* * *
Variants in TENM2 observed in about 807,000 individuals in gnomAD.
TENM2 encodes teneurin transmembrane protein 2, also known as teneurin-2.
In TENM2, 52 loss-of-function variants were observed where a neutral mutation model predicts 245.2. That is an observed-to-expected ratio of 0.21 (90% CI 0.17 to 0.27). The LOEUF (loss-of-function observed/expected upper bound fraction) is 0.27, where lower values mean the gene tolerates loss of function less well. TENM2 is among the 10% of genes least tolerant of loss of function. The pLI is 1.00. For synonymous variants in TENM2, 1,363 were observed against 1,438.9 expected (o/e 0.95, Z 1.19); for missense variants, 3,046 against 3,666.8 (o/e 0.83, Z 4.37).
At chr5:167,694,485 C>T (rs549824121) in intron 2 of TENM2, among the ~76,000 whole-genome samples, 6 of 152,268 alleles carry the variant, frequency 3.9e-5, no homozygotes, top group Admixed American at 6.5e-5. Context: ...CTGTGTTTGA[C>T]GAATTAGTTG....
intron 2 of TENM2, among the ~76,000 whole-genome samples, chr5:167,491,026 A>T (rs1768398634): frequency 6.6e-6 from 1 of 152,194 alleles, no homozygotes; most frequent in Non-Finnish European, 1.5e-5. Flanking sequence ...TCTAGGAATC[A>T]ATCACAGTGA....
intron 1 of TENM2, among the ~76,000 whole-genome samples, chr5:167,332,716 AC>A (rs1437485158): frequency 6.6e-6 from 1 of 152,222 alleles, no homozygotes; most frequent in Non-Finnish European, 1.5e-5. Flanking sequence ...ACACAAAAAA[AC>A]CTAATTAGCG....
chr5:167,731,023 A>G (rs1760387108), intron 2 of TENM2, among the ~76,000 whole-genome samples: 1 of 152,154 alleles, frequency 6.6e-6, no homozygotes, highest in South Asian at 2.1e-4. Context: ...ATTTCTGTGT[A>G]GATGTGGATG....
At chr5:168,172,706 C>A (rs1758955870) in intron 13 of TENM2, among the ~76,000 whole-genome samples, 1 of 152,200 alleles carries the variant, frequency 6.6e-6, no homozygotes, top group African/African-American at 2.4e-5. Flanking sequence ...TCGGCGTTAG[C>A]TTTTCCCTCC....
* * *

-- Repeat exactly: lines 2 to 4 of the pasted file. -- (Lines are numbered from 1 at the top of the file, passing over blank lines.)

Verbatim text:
TENM2 encodes teneurin transmembrane protein 2, also known as teneurin-2.
In TENM2, 52 loss-of-function variants were observed where a neutral mutation model predicts 245.2. That is an observed-to-expected ratio of 0.21 (90% CI 0.17 to 0.27). The LOEUF (loss-of-function observed/expected upper bound fraction) is 0.27, where lower values mean the gene tolerates loss of function less well. TENM2 is among the 10% of genes least tolerant of loss of function. The pLI is 1.00. For synonymous variants in TENM2, 1,363 were observed against 1,438.9 expected (o/e 0.95, Z 1.19); for missense variants, 3,046 against 3,666.8 (o/e 0.83, Z 4.37).
At chr5:167,694,485 C>T (rs549824121) in intron 2 of TENM2, among the ~76,000 whole-genome samples, 6 of 152,268 alleles carry the variant, frequency 3.9e-5, no homozygotes, top group Admixed American at 6.5e-5. Context: ...CTGTGTTTGA[C>T]GAATTAGTTG....